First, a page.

JournalJan 2013

Getting 15,000 Uber drivers on the road

Person holding an iPhone with mobile Uber website displayed

It seems hard to believe now, but when we worked with Uber in September 2013, their dominance in the London market was far from certain and drivers had reservations about joining the service. In just 2 weeks, Uber needed to get more drivers out onto the streets of London.

Uber came to us to learn how they could overcome these and challenges and unlock the market. The result was a mobile-first website and European strategy that addressed drivers’ reservations and resulted in rapid market growth.

When Uber approached us one gloomy day in London, we were intrigued — Jon especially, as an avid TechCrunch reader, he'd been following Uber's disruptive growth. In London, operations were still in their infancy, but despite that, Uber was already beginning to see plenty of consumer demand from the city's tech savvy inhabitants. To continue to deliver an outstanding customer experience, they needed to ramp up the number of drivers they had out on the streets — and that's where we came in.

In the US, Uber have already built up a huge pool of drivers, accustomed to how the app, and their company, operates. In London, they were much more of an unknown, and needed to do a lot more work to help potential drivers understand how they were different. Uber needed a website capable of taking on this challenge.

The end-result

Being a progressive start up, they have a hankering for moving fast and radically transforming the markets they infiltrate. They needed this site built and shipped in just two weeks. Luckily for everyone involved, we love a good challenge — but we knew that in order for the launch to be successful, we'd need to be very flexible and resourceful — our design process would have to include both gathering content, and also producing it, and figuring out an overall strategy.

Sitting down with the Uber team one thing became apparent early on:

You need to understand your users in order to create a better experience for them. To entice prospective drivers, we needed to get to know existing ones.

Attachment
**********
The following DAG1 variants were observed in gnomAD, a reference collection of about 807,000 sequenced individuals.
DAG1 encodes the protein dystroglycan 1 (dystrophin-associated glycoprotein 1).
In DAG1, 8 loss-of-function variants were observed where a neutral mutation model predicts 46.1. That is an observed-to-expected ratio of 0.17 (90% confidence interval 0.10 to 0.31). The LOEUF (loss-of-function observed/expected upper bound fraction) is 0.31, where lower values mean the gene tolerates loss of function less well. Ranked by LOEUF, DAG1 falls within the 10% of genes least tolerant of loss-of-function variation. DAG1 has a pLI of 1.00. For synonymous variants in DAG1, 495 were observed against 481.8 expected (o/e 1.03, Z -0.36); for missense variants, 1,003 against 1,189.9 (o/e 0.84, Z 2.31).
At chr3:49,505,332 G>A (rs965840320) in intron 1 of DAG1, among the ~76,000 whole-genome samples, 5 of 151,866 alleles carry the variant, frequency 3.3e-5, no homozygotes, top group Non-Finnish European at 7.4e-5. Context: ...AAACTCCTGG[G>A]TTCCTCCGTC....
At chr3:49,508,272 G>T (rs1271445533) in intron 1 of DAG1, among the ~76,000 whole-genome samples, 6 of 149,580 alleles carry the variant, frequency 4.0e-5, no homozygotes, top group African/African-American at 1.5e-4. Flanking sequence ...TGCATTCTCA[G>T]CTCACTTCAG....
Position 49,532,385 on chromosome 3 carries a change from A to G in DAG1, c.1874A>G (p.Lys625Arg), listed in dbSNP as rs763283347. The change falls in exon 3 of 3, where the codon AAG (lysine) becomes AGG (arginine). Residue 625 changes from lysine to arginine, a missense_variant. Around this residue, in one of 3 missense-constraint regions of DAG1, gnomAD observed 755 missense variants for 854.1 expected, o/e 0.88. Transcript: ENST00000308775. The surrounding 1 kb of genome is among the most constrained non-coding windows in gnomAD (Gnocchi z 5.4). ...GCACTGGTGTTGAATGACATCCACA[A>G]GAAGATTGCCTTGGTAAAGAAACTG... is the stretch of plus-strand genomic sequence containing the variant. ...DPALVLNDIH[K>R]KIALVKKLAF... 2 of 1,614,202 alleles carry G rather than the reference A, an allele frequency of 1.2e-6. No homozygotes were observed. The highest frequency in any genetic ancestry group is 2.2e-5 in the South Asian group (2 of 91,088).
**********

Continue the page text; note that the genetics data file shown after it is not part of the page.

To entice prospective drivers, we needed to get to know existing ones. This meant using the app, taking some rides, and talking to the drivers about their Uber experience. What had persuaded them to drive for Uber? What were the benefits of working with them?

Even if the Uber team had their own assumptions, these were questions only a driver could answer fully. The more knowledge we could gather at this stage, better we could understand what the site needed to communicate, and tailor its content to provide an outstanding user experience.

Out on the streets

So, after downloading the app onto our phones, Jon and Matt said “so long” to the London public transport system, and started riding with Uber, to and from their co‑working space and meetings. Uber's offerings in London at that time were divided into two camps — UberX (a direct competitor with London's taxi drivers) and Uber LUX (the luxury option, rivalling private car hire services).

So we split our time equally between the two, asking questions to home in on the benefits of the app. We decided to keep a log of each journey and record the answers we got.


The user research we conducted at this stage led to several discoveries that informed the way we designed the site. It's fair to say that without this key part of the process, launching the site with quality content on deadline would have been a tall order.

The main takeaways from the user research stage were:

1. Simplicity is a virtue

If the website didn't reflect the simplicity of the app, it would never be effective.

The ease of use of the app is pivotal to the Uber driver. They don't have to worry about where to find customers, or collecting money at the end of each trip. It was all taken care of by the app. They were getting a hassle‑free experience.

London drivers weren't from digital backgrounds, and didn't have the time to learn how to use new technologies. They needed something that would give them the information they need, without having to spend hours figuring out how to use it. This is the reason their mobile application has been so successful.

2. Flexibility is key

Drivers were unanimous in saying that they were using Uber because it gave them the chance to be their own boss, and to work flexibly, on their own schedule. Unlike traditional car hire services, shifts aren't dictated by a controller in an office, who tells you where to go and who to pick up — the app was taking care of that, finding customers based on their proximity to the driver's car, only when the app was active.

As a consequence of this freedom, we encountered a lot of drivers with an entrepreneurial edge: working flexibly helped them to pursue their passions and use their time much more efficiently.